Chronos: Before the Ashes from developer Gunfire Games / THQNordic is a fast paced action RPG about a young hero’s lifelong journey to vanquish evil. Boasting an incredibly unique aging system in which the hero loses a year of their life each time they die, Chronos: Before the Ashes allows players to guide the hero from a young adult adept at learning new skills to an elderly warrior forced to master the arcane arts to survive rather than relying on their previous strength and agility.
Based on the previously VR-only adventure Chronos, this reimagining has been overhauled from the ground up to work on modern consoles without the need for VR and includes a number of improvements that allow Chronos to shine and provides a fine prequel to the incredibly popular Remnants: From the Ashes.
The story begins with the hero – which can be either a male or female – being chosen to defend their world against the Dragon, who long ago destroyed the modern world. Set in an unspecified year in the future, mankind has been nearly wiped out and forced back into small tribes. Remnants of modern life linger, with dilapidated buildings and archaic computers the only glimpses into a world long ago forgotten.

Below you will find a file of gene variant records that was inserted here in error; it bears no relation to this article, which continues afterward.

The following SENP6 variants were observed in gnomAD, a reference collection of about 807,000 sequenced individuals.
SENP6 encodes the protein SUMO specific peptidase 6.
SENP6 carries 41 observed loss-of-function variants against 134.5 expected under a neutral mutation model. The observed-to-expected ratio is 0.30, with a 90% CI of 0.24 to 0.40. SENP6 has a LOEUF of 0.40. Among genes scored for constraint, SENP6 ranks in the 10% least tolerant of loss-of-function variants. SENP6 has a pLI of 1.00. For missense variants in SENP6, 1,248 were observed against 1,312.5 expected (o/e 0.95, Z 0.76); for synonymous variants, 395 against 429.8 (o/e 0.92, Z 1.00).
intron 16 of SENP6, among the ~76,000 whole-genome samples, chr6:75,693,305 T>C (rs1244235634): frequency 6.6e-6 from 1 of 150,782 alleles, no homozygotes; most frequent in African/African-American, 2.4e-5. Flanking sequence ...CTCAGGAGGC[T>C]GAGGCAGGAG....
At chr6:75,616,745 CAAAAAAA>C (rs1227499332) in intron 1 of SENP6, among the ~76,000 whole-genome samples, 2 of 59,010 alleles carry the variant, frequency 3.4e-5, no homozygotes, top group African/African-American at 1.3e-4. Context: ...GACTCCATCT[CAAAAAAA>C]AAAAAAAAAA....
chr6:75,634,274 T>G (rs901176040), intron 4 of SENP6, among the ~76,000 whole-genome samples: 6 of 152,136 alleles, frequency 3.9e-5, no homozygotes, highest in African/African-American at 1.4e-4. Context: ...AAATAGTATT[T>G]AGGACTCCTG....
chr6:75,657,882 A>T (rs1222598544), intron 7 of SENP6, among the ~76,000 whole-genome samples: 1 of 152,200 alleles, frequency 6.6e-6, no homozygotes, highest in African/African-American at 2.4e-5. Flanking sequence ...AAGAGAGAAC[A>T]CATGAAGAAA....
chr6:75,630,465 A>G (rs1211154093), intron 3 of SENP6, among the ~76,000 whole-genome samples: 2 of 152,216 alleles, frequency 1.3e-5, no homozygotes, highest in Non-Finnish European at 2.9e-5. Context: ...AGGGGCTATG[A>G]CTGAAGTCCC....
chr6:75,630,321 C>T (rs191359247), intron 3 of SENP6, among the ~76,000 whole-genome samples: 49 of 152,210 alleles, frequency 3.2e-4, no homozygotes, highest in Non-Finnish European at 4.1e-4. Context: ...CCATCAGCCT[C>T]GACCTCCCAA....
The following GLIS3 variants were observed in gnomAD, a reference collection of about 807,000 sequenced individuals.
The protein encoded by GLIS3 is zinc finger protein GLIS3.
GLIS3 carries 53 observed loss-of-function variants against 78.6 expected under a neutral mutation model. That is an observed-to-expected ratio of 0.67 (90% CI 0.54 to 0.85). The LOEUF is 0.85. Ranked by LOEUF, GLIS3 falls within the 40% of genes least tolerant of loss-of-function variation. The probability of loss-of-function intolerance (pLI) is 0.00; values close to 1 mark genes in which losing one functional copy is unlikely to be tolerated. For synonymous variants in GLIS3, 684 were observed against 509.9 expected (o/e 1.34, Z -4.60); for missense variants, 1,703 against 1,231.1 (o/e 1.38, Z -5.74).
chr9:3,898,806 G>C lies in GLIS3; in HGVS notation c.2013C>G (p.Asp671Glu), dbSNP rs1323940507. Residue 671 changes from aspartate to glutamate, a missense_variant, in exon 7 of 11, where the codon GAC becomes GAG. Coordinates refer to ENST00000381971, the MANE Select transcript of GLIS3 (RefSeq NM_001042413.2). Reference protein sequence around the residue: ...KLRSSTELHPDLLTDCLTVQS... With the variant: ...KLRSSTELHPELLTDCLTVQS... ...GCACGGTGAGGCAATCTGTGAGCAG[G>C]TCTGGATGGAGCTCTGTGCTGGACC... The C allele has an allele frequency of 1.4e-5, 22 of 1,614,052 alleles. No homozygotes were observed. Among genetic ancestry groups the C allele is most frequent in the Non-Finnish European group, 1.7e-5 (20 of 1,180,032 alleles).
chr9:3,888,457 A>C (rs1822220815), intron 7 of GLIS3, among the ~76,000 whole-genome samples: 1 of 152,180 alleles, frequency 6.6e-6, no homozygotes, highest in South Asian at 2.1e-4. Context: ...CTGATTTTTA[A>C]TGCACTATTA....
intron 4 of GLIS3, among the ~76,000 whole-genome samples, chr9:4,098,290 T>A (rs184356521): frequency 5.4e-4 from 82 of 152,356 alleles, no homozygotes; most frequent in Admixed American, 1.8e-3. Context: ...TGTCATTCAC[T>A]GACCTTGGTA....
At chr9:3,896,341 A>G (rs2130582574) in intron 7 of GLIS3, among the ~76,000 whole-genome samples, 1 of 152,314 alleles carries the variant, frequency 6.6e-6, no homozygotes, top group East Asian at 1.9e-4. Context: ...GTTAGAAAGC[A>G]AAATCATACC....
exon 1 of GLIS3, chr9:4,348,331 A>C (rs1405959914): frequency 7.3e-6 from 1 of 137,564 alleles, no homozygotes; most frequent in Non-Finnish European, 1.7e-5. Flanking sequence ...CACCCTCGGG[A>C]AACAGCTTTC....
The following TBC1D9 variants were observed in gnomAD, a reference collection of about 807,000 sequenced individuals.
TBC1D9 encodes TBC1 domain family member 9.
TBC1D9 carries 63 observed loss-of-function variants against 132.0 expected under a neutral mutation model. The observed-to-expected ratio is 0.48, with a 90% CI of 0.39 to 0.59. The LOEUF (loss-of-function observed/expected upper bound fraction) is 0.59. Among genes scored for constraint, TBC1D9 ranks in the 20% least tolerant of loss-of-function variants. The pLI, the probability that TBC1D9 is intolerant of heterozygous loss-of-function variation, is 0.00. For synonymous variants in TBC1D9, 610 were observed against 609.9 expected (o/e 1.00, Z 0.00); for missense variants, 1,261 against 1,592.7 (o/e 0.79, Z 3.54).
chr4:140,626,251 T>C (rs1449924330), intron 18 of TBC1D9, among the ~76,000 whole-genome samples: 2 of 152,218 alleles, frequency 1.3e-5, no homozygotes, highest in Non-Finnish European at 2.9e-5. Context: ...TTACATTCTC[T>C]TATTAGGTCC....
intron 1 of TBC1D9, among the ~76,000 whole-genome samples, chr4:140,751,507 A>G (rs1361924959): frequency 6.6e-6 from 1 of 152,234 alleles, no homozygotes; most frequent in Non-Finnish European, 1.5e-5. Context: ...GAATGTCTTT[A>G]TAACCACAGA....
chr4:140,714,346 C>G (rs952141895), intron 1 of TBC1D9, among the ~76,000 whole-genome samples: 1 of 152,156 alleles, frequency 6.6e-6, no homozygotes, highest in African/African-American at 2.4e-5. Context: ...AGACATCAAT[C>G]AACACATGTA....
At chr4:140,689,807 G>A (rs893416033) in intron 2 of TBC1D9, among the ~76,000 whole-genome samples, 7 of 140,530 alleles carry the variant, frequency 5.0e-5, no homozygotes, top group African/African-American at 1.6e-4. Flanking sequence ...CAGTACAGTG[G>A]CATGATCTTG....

Known as the Tale of the Scouring, humanity was wiped out when the beasts from the Rusted Places, directed by the Dragon, destroyed nearly all living beings in a great purge. The few remaining humans formed small tribes and learned to live in their newly destroyed world. Now, many years later, the tribes decide to send their youngest and bravest member into the Other World – accessible once a year when the Great Stone awakens – in hopes of defeating the Dragon and restoring balance to their world.
You begin play as a spry 18 year old with little skills, basic weapons, and no experience. As you progress through the intricate maze like areas you will gain experience by defeating enemies, find weapons scattered throughout the world, upgrade items using dragon shards dropped by enemies and scattered throughout the world, and age every time you fail. While it is possible to complete the game while young, some players may find themselves completing the game as an 80 year old, no longer able to rely on their strength and speed, instead being forced to rely on arcane arts to maintain an advantage during fights.